Wednesday’s National Signing Day likely marked the end of an era in football recruiting.
The Collegiate Commissioners Association — a panel of representatives from all 32 Division I conferences — will decide this summer whether to adopt an early signing period.
Now recruits — even early enrollees who move to campus and start classes in January — have to wait until the first Wednesday in February to officially sign with a school. An early signing period would give recruits the option to sign a National Letter of Intent in December.
“[Coaches] have been asking for it for years,” TCU coach Gary Patterson said Wednesday after announcing his 2015 signees.
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Susan Peal, who manages the NCAA’s National Letter of Intent program, said there have been discussions about an early signing day for about seven years. But things officially went in motion in October, when a group organized by the commissioners recommended an early signing period and encouraged the issue to be discussed during the spring conference meetings, Peal said. The commissioners association will vote when it convenes in June.
“Hearing feedback from the coaches, they wanted to seriously look at an early signing period and what that would look like,” Peal said.
If approved, 2016 recruits would be able to sign in mid-December, just before the annual month-long recruiting dead period over the holidays. Peal said that’s the earliest a signing date could be moved without interfering with the rest of the recruiting schedule. The traditional National Signing Day in February would remain intact.
To Patterson, January is fine for mining last-minute additions to a recruiting class, but he’d rather lock up a majority of his class when he can and focus on late commitments, if necessary.
Of the 21 recruits TCU signed Wednesday, only two — Kavontae Turpin and Arico Evans — committed to the Horned Frogs in January. Evans flipped from Kansas on Sunday. Twelve signees committed before the 2014 season.
“Most of our evaluations and everything are done in the summer and the camps, anyway,” Patterson said. “Really, 80 percent is all set [by January]. It’s the 20 percent — the 10 percent on each end. A possible guy that might want to flip or a guy that you might flip. And that’s where all the craziness happens.”
At the high school level, Fort Worth All Saints coach Aaron Beck wouldn’t mind seeing an early signing date. If anything, it might reduce the hectic last two weeks of January, when college coaches flock to high schools.
“I think it will be well-embraced,” Beck said last week. “This morning, when I drove in, Alabama was here. Michigan has been here today. The University of Houston has been here today, and it’s only 11:20. During the time when those guys get out on the road, it’s pretty hectic. We look at it as a positive for our kids, but I almost feel for the college coaches.”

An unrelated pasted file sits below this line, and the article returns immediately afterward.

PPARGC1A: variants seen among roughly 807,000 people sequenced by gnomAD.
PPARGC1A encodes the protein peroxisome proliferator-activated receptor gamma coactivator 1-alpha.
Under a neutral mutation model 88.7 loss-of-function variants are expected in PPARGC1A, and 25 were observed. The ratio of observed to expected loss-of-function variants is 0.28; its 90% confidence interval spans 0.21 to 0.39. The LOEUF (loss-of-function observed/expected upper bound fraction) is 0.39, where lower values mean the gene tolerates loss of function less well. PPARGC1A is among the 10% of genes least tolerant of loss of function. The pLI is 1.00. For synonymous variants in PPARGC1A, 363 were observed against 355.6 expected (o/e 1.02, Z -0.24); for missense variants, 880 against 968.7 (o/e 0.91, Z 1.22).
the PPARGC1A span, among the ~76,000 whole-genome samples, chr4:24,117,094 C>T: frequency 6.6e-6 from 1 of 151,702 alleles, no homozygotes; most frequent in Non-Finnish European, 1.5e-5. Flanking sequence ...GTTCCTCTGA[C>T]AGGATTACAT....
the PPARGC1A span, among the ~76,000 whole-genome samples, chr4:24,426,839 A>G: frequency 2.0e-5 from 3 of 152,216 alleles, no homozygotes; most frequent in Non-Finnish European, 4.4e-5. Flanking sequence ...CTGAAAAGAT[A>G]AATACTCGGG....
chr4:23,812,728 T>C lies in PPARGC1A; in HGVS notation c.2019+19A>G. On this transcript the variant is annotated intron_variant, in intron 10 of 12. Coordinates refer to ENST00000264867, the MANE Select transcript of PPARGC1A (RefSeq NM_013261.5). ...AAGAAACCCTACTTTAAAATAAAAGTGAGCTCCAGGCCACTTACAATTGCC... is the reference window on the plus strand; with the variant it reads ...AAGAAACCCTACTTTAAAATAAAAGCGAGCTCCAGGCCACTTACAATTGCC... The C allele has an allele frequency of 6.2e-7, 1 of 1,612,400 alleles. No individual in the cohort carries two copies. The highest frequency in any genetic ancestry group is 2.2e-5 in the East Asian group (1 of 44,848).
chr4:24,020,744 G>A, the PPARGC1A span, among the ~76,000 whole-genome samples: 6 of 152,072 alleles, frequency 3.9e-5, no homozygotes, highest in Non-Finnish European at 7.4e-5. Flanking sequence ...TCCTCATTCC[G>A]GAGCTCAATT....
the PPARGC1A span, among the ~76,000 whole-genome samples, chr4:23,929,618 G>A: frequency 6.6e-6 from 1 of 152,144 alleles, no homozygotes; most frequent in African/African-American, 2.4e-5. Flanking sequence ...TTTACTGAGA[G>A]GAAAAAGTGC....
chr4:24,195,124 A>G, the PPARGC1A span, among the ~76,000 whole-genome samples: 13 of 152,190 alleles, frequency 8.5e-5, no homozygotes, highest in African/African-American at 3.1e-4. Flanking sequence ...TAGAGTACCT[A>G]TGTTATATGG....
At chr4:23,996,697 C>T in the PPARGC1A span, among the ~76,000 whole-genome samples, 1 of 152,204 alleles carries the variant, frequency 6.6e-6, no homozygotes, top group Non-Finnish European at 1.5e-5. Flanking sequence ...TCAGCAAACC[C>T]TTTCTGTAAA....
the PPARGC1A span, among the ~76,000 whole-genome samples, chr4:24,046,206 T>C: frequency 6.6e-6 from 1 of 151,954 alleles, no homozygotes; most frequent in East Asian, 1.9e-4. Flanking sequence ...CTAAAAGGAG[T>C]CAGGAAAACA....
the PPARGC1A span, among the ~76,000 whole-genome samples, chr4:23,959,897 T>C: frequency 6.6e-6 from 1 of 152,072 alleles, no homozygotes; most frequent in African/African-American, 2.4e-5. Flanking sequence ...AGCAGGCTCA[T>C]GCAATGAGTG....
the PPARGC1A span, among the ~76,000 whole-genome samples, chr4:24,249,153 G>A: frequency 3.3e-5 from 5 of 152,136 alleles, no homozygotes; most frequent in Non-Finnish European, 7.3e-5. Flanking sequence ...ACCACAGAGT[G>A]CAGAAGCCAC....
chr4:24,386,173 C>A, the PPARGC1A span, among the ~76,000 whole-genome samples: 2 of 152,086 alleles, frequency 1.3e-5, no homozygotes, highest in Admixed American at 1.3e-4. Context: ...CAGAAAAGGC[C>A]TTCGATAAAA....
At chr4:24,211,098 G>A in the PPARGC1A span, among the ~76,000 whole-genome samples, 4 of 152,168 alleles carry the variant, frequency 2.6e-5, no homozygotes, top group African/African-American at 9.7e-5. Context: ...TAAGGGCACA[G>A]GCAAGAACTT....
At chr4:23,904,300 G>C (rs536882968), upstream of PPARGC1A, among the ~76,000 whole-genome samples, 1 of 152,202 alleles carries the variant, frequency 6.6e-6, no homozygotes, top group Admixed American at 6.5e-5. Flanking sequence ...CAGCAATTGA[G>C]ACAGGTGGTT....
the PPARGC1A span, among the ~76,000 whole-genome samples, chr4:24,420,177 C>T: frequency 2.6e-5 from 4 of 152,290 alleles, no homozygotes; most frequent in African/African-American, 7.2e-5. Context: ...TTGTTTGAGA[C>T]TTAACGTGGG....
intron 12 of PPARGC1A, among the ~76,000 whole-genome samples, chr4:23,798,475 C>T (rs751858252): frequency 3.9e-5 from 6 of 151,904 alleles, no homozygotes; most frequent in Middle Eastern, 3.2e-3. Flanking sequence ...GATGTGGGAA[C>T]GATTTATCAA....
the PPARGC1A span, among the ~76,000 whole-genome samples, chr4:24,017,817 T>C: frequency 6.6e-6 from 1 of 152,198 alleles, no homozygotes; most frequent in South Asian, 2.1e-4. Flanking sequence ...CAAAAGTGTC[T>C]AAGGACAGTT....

Beck pointed out another advantage of signing in December: You’ll guarantee your spot sooner. A recruit isn’t bound to a commitment, but neither is the school. Just this week, Louisville coach Bobby Petrino drew headlines for pulling a scholarship offer from a player who had committed last summer.
Said Mansfield coach Jeff Hulme, “I think [an early signing date] would definitely give them some reassurance and some confidence in that once you sign on the dotted line, you’re there.”
Situations vary, though, and waiting can sometimes benefit a recruit.
Aledo cornerback Johnathan Durham committed to Texas State last summer and until last week, was still planning to sign with the Bobcats. But Durham, who earned first-team all-state honors as a senior, knew he might have a chance at playing for a Big 12 school. Northwestern and Purdue offered but weren’t the right fit. He ended up signing with Kansas State after the Wildcats offered him a scholarship last week.
Even as a solid commitment to Texas State, Durham doesn’t think he’d have signed early.
“You never know what could come up at the end,” he said.
Mansfield athletic director Debbie Weems hopes an early signing date doesn’t add to the pressure of recruiting. If a recruit isn’t ready to sign in December — regardless if he’s committed — then he shouldn’t, she said. But the benefit of locking up a scholarship sooner is enticing to Weems, too.
“The sooner, the better, for me,” Weems said. “As long as they don’t put any pressure on them. We understand that [recruiting] is a huge piece of this whole puzzle, but the negative side of it is the stress and pressure of it.”
Ryan Osborne, 817-390-7760